By Ricky Kapur, Vice President of Sales, Marketing and Operations, Microsoft Asia Pacific.
The past few months have brought unprecedented change to people and organizations around the world. Retail moved almost exclusively to e-commerce platforms and businesses had to rapidly pivot their operations online and in the cloud. As our CEO Satya Nadella puts it, in 2020, we’ve seen two years’ worth of digital transformation in two months – a truly phenomenal pace.
The immediacy and scale at which we had to adapt brought new security challenges. Our recently launched Digital Defense Report revealed that attackers have taken advantage of these challenging times to capitalize on opportunities every day, with every country in the world having at least one COVID-19-themed attack. Attackers have also exploited gaps in traditional security policies, which didn’t cater to an all remote workforce – we’ve seen entire networks ransomed in under 45 minutes, and an increased number of distributed denial of service (DDoS) attacks.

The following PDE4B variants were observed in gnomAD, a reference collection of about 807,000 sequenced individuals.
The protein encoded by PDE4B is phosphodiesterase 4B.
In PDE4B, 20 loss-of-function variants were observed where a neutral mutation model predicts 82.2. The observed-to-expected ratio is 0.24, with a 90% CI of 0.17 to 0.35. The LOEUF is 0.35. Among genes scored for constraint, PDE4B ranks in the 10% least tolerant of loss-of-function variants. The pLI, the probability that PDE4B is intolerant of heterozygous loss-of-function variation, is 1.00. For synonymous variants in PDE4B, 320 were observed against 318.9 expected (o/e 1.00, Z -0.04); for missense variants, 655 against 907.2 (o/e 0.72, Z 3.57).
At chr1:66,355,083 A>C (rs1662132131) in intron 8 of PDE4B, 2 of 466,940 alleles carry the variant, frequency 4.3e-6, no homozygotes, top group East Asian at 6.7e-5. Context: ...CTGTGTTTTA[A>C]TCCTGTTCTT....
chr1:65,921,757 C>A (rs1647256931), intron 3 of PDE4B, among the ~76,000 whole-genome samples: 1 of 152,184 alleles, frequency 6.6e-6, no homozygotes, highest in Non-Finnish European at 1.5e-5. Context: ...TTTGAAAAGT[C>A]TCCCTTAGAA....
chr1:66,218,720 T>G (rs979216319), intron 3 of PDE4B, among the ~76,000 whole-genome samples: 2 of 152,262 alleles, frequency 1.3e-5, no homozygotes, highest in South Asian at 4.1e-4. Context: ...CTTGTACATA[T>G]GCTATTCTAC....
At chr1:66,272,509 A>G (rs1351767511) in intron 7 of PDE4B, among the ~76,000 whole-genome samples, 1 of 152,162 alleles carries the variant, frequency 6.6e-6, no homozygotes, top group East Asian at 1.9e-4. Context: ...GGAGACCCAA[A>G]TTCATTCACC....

SMEs NEED A SECURE, REMOTE WORKFORCE
As digital transformation continues apace across all sectors, every business regardless of size is at risk of a cyberattack. This Cybersecurity Awareness Month, we must build safeguards and be prepared to combat lurking cyber threats.
And small-and-medium enterprises (SMEs) are often more vulnerable.
Many small businesses don’t think about cybersecurity until after a security breach. Not having cybersecurity can cost your business money, time, and result in lost sensitive information. Based on industry conversations, we learn that a large percentage do not know how to protect their companies, lack dedicated IT staff and have inadequate computer and network security.
Failing to invest in cybersecurity actually costs more in the aftermath of a cyberattack, in terms of money, time and loss of sensitive information. In the past year, SMEs were the target of 43% of cyberattacks, and on average, the cost of each attack was $184,000, with a report suggesting that 60% of small businesses fold within six months of a cyberattack.
These statistics are concerning for the Asia Pacific region, where SMEs comprise more than